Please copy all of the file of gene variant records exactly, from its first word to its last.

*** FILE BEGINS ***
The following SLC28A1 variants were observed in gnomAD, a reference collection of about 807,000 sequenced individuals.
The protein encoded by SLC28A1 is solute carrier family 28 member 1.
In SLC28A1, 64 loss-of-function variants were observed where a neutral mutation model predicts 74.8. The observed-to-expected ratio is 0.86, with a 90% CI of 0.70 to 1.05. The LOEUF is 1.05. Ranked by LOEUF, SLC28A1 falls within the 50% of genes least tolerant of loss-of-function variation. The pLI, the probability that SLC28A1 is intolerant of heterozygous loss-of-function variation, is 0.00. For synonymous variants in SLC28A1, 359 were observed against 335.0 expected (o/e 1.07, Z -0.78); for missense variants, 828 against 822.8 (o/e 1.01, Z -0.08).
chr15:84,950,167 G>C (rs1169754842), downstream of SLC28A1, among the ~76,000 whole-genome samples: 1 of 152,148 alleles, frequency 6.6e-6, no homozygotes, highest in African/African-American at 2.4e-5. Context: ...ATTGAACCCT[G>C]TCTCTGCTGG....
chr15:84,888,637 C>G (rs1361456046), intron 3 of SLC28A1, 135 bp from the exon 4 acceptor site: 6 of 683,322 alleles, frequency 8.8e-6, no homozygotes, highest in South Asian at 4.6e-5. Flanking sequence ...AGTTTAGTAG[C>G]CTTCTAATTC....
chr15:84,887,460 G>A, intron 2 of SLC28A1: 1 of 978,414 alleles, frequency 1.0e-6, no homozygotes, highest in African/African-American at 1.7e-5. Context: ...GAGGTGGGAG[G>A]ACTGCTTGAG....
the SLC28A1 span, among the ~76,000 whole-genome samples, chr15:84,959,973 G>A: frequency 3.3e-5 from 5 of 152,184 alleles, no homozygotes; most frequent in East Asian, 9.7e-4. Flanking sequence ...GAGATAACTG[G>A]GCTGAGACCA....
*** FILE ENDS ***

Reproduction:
The following SLC28A1 variants were observed in gnomAD, a reference collection of about 807,000 sequenced individuals.
The protein encoded by SLC28A1 is solute carrier family 28 member 1.
In SLC28A1, 64 loss-of-function variants were observed where a neutral mutation model predicts 74.8. The observed-to-expected ratio is 0.86, with a 90% CI of 0.70 to 1.05. The LOEUF is 1.05. Ranked by LOEUF, SLC28A1 falls within the 50% of genes least tolerant of loss-of-function variation. The pLI, the probability that SLC28A1 is intolerant of heterozygous loss-of-function variation, is 0.00. For synonymous variants in SLC28A1, 359 were observed against 335.0 expected (o/e 1.07, Z -0.78); for missense variants, 828 against 822.8 (o/e 1.01, Z -0.08).
chr15:84,950,167 G>C (rs1169754842), downstream of SLC28A1, among the ~76,000 whole-genome samples: 1 of 152,148 alleles, frequency 6.6e-6, no homozygotes, highest in African/African-American at 2.4e-5. Context: ...ATTGAACCCT[G>C]TCTCTGCTGG....
chr15:84,888,637 C>G (rs1361456046), intron 3 of SLC28A1, 135 bp from the exon 4 acceptor site: 6 of 683,322 alleles, frequency 8.8e-6, no homozygotes, highest in South Asian at 4.6e-5. Flanking sequence ...AGTTTAGTAG[C>G]CTTCTAATTC....
chr15:84,887,460 G>A, intron 2 of SLC28A1: 1 of 978,414 alleles, frequency 1.0e-6, no homozygotes, highest in African/African-American at 1.7e-5. Context: ...GAGGTGGGAG[G>A]ACTGCTTGAG....
the SLC28A1 span, among the ~76,000 whole-genome samples, chr15:84,959,973 G>A: frequency 3.3e-5 from 5 of 152,184 alleles, no homozygotes; most frequent in East Asian, 9.7e-4. Flanking sequence ...GAGATAACTG[G>A]GCTGAGACCA....